For rodent samples, animals were selected between 7 and 9 weeks old, anesthetized with ketamine (75 mg/kg) and xylazine (5 mg/kg), and injected intraperitoneally with sodium heparin (400 U/kg). The abdomen was opened in sterile fashion, and the xiphoid process was lifted to reveal the underside of the diaphragm. The diaphragm was punctured and retracted to reveal the chest cavity. The rib cage was lifted, and an incision was made axially to reveal the trachea. The trachea was separated from the esophagus, opened using fine scissors, cannulated with a barbed fitting, and secured with 4-0 silk. The right ventricle was opened with scissors, and the pulmonary artery (PA) was cannulated with an 18-gauge feeding needle and secured with 4-0 monofilament polypropylene. An incision was made in the left ventricle, and the lungs were perfused via the PA with 100 ml of phosphate-buffered saline (PBS) containing sodium heparin (100 U/ml) and sodium nitroprusside (0.01 mg/ml) with concurrent airway ventilation. The heart-lung block was then removed from the chest to be perfused with enzyme. Pig samples were harvested from heparinized farm-raised pigs undergoing nonpulmonary terminal procedures. Samples were cut from distal regions of the lung and placed in ice-cold saline. A single lobule weighing approximately 2.5 g with associated large airway was dissected out and cannulated via a conducting airway for enzyme perfusion. Human samples were acquired from healthy tissues excised from the distal margins of lobectomies and/or tissues rejected from transplant. The human tissue pieces received were approximately 1 cm3 and did not contain airways or vessels of sufficient size to cannulate.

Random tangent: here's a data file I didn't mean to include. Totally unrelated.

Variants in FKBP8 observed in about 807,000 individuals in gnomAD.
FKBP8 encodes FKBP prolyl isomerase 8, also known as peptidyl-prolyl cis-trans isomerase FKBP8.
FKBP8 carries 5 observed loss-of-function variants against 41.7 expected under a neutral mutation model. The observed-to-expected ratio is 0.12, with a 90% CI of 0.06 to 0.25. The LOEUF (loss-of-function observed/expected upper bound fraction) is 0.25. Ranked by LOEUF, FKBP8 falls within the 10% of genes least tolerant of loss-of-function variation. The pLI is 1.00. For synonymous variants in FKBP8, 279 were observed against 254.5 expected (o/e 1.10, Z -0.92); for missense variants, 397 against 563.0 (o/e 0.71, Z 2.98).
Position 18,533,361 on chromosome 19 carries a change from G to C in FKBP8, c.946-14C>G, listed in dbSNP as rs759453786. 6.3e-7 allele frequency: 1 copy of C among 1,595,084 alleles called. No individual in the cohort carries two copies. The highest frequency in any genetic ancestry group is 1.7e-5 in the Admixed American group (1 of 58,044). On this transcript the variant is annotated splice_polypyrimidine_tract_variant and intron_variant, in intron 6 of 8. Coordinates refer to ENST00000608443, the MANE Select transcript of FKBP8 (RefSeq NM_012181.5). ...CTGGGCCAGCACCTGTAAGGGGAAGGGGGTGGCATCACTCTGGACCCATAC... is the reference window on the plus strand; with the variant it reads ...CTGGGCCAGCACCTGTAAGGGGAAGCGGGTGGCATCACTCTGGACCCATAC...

Dulbecco’s modified Eagle’s medium (DMEM) containing collagenase/dispase (1 mg/ml; Roche), elastase (3 U/ml; Worthington), and deoxyribonuclease (DNase) (20 U/ml; Worthington) preheated to 37°C was used to dissociate all tissues. For the rodent tissues, enzyme was instilled into the trachea 5× to 10× and also perfused through the vasculature (as the PA was still accessible). For pig tissue, enzyme was only instilled into the trachea 5× to 10×, and for human tissues, the enzyme mixture was delivered to the lung parenchyma repeatedly via a 25-gauge needle. In all cases, care was made to fully recruit and inflate the alveolar regions of the lung and to have the tissue fully saturated with enzyme. Following inflation and/or perfusion with enzyme, nonlung tissue was removed, including the heart and tracheas in the rodents. The remaining tissue and effluent were placed on a rocker at 37°C and 60 rpm until the tissue was soft enough to be dissociated, 20 min for the rodent tissues and 40 min for the large mammals. At this point, the lungs were pushed through a wire sieve using a weighing spatula until only dense connective tissue remained. The strainer was then rinsed with 20 ml of ice-cold DMEM containing 10% fetal bovine serum (FBS), 1% penicillin/streptomycin, 1% amphotericin, and 0.1% gentamicin. The tissue solution was spun down for 5 min at 300g, the supernatant was discarded, and the pellet was resuspended in red cell lysis buffer at a 1:1 ratio with pellet volume. After 60 s at room temperature, the buffer was diluted with 0.01% bovine serum albumin (BSA) in PBS (0.1 mg/ml) and spun down a second time. If necessary, this step was performed a second time. The pellet was resuspended again in 0.01% BSA in PBS and filtered through a 70-μm filter. The cells were then spun for 3 min at 300g, resuspended in 0.01% BSA in PBS, and passed twice through a 40-μm filter. The resulting cell suspension was counted, assessed for viability, and serially diluted to the desired concentration for single-cell library preparation.

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